A: That's a difficult one. But there are some basic, best precautionary things they should all be doing, and most of them are doing this, but some of them are not doing it enough, I guess, and probably first on the list is just the training and awareness aspect. And we've talked about this before, and we hear it all the time. But simple things, such as just training staff because they're all again digitally interconnected and using emails and sending files. Understand and realize the risks of a phishing email. If something looks suspicious, a link or an attachment, and even having some of that awareness training regularly just keeps employees on their toes and keeps them focused. So they're not too tempted to click on the wrong thing, because once they do, they'll give in to the latest attack vector or latest threat. And next thing you know, you have a situation like this where malware comes downloaded, and a ransomware attack starts.

Probably the next thing I always recommend, and this is true for really corporate America, but certainly for ERs, and most of them have them, not all do, is really a regular backup plan in place for all the critical data to make sure that they're storing it offline in a secure environment, and it should be an immutable backup. So, it basically means it can't be altered, or it can't be destroyed. And one other little caveat I always mention, too: Have you regularly tested your backup restoration procedure? You got to do that. Just like, you know, maybe your house is on a generator. It has to be tested once a week, just to make sure it starts and it's running properly. Same thing there. You need to test that backup regularly to ensure that data integrity is there, and it's available. And oftentimes, that part is overlooked by many. Even these large ERs that are so dependent upon it.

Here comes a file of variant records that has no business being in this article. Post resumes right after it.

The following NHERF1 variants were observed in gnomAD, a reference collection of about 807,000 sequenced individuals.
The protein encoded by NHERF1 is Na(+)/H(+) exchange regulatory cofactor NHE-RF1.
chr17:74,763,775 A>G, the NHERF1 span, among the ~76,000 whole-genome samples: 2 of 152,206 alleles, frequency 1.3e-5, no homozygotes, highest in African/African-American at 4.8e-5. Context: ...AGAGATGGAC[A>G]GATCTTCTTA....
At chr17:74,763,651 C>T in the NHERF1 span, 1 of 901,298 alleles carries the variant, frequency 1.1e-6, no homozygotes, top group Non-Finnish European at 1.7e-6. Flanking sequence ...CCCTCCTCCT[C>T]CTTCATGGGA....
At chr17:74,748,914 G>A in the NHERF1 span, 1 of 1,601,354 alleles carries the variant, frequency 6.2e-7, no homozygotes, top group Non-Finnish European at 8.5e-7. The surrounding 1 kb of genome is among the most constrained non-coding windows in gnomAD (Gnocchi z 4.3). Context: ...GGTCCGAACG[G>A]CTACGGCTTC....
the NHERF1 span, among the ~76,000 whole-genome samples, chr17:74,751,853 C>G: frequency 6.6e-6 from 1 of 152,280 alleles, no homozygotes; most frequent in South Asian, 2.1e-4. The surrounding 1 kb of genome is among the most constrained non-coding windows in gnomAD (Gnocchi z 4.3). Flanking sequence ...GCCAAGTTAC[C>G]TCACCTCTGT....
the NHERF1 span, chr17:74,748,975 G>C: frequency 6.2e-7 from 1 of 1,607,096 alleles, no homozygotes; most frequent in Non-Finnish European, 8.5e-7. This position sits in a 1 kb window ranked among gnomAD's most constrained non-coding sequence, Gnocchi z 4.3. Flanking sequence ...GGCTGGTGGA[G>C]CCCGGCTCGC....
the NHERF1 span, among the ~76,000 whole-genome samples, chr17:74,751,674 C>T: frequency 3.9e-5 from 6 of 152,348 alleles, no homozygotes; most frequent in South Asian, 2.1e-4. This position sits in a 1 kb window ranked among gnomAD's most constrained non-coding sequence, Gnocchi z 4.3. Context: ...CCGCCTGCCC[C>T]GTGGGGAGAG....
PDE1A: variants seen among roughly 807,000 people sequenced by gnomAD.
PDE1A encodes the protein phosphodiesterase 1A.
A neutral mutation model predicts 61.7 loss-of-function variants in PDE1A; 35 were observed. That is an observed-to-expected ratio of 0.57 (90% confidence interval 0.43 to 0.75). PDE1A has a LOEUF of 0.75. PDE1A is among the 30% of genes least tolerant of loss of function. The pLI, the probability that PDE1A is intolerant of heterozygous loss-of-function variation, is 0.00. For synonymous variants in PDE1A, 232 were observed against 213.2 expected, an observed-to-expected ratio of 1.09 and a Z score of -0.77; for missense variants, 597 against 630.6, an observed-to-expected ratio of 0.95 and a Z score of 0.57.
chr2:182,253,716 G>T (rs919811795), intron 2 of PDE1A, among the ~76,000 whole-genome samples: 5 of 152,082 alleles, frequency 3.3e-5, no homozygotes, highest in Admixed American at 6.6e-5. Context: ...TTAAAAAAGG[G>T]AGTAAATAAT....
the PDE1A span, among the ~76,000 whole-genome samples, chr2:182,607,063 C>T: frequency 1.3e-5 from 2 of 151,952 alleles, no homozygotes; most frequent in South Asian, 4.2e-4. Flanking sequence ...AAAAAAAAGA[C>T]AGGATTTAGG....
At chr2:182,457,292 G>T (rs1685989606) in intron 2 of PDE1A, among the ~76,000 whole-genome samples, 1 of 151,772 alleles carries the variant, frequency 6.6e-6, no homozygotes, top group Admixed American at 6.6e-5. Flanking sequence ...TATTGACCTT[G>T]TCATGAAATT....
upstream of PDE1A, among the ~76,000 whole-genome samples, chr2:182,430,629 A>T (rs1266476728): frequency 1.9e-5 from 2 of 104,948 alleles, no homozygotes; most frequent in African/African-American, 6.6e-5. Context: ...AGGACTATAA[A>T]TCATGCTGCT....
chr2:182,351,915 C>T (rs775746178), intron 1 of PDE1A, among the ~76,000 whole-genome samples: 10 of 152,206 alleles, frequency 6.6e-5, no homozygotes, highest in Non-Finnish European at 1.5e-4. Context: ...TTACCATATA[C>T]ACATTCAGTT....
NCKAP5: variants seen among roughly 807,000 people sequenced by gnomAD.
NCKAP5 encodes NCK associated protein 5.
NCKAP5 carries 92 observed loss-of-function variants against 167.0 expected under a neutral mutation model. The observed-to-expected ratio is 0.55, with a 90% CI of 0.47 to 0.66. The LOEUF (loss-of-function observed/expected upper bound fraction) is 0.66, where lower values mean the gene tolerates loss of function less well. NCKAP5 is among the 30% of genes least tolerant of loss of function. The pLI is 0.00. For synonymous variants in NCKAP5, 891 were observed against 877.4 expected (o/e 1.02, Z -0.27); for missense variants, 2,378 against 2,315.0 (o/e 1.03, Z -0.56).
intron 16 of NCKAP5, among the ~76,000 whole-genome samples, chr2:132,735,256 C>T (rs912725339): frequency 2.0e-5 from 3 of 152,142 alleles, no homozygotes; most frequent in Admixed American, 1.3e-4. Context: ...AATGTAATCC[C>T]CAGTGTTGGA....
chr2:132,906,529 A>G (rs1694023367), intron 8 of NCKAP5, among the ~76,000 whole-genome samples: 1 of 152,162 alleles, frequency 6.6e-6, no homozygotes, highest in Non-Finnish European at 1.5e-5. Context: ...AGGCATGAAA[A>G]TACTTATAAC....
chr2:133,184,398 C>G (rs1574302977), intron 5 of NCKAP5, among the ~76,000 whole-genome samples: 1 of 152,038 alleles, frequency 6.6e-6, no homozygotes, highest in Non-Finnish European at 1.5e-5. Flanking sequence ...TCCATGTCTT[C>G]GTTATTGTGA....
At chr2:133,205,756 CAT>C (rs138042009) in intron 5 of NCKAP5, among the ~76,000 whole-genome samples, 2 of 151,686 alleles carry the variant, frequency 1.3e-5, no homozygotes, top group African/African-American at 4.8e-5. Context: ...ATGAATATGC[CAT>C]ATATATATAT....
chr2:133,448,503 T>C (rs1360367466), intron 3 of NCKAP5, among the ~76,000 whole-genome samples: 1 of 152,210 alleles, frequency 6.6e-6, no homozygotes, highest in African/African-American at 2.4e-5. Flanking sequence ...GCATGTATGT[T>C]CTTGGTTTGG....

Q: It would be one thing to have your backups and think that you can count on those in an emergency, and then it's a whole other situation if you find that your backup is corrupted, or that it's not usable.

A: Yeah, absolutely. And I'm sure, as this story continues to be investigated and unfolds, my guess, my gut, is telling me when it first happened, probably an innocent employee clicking on an email attachment or something of that sort that really started the process. Or, you know, bring your own device to work. They brought in their own device, and they're sharing things they probably shouldn't have, be it their smartphone or tablet or laptop on their break, and it's mixing with the actual network there in the hospital. And now, suddenly, voila! You've got problems.

Q: Well, Scott, this has been a really interesting conversation. Is there anything else you'd like to add?

A: Well, I encourage people, don't get sick and don't go to the hospital unless you really have to, because you may or may not get served. But I think one thing that helps us reflect upon, we appreciate all the things that people do, certainly in the medical community, but at the same time, we realize how vulnerable they are and how sad it is that cybercriminals are, in essence, targeting hospitals, especially this time period of year, knowing that they could really extrapolate the most ransom demand because people are desperate. And they did say they paid some undisclosed amount for the ransom. But how sad that that certainly is! And I think the catastrophe is all the things that happen after the fact. How many patients have been turned away from emergency care and had to be rushed to another hospital? We don't know, but the negative impact of this affects people's lives, and that part, I think, is tragic. And we just all have to do a better job at fighting back against these cybercriminals.

Q: Scott, thanks for joining us on the podcast today.

A: Thanks for having me.

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Lauren Yacono
Post by Lauren Yacono
January 16, 2024
Lauren is an IU graduate and Chicagoland-based Marketing Specialist.